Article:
This is a great post by Seth Godin.  His advice may be one of the hardest approaches to actually act upon but he is right.  After you read his post, you’ll agree.  The problem is… can we ALL do this in this economy?

Marketers rarely think about choosing customers… like a sailor on shore leave, we’re not so picky. Huge mistake.

Your customers define what you make, how you make it, where you sell it, what you charge, who you hire and even how you fund your business. If your customer base changes over time but you fail to make changes in the rest of your organization, stress and failure will follow.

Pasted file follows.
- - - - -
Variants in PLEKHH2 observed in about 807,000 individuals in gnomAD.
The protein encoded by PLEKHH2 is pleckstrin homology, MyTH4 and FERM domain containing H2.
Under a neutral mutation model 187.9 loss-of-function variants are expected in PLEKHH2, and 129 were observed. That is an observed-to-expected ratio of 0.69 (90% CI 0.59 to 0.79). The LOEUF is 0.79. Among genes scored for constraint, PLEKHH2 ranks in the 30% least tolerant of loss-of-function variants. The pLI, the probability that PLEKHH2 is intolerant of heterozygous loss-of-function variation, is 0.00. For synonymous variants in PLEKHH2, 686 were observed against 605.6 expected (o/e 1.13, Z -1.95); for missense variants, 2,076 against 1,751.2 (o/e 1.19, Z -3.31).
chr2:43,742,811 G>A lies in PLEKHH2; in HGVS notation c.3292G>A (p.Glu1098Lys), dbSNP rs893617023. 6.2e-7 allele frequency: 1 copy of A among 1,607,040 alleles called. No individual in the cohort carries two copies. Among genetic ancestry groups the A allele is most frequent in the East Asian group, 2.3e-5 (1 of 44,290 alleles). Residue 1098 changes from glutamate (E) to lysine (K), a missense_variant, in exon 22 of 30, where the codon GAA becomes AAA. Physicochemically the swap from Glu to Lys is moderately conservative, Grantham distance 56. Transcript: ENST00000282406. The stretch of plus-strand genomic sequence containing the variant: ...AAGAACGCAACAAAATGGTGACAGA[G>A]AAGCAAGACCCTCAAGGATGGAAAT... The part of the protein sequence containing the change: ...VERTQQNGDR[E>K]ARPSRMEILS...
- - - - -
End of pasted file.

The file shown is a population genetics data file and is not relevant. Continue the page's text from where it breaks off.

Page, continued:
Sell to angry cheapskates and your business will reflect that. On the other hand, when you find great customers, they will eagerly co-create with you. They will engage and invent and spread the word.

It takes vision and guts to turn someone down and focus on a different segment, on people who might be more difficult to sell at first, but will lead you where you want to go over time.


Until Next Time…



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Business Discounting — The Rules of Engagement

Posted by John Park on Feb 15th, 2009
2009
Feb 15

 
If you’re running a business, it’s pretty tough these days to avoid offering your products and services at a discount.  Everywhere you turn, there are sales, promotions and giveaways to entice the all elusive buyer.  Offering incentives is a good thing but like all marketing endeavors, there are some basic rules of engagement you should abide by to garner maximum results.
 
Here is a quick refresher for you.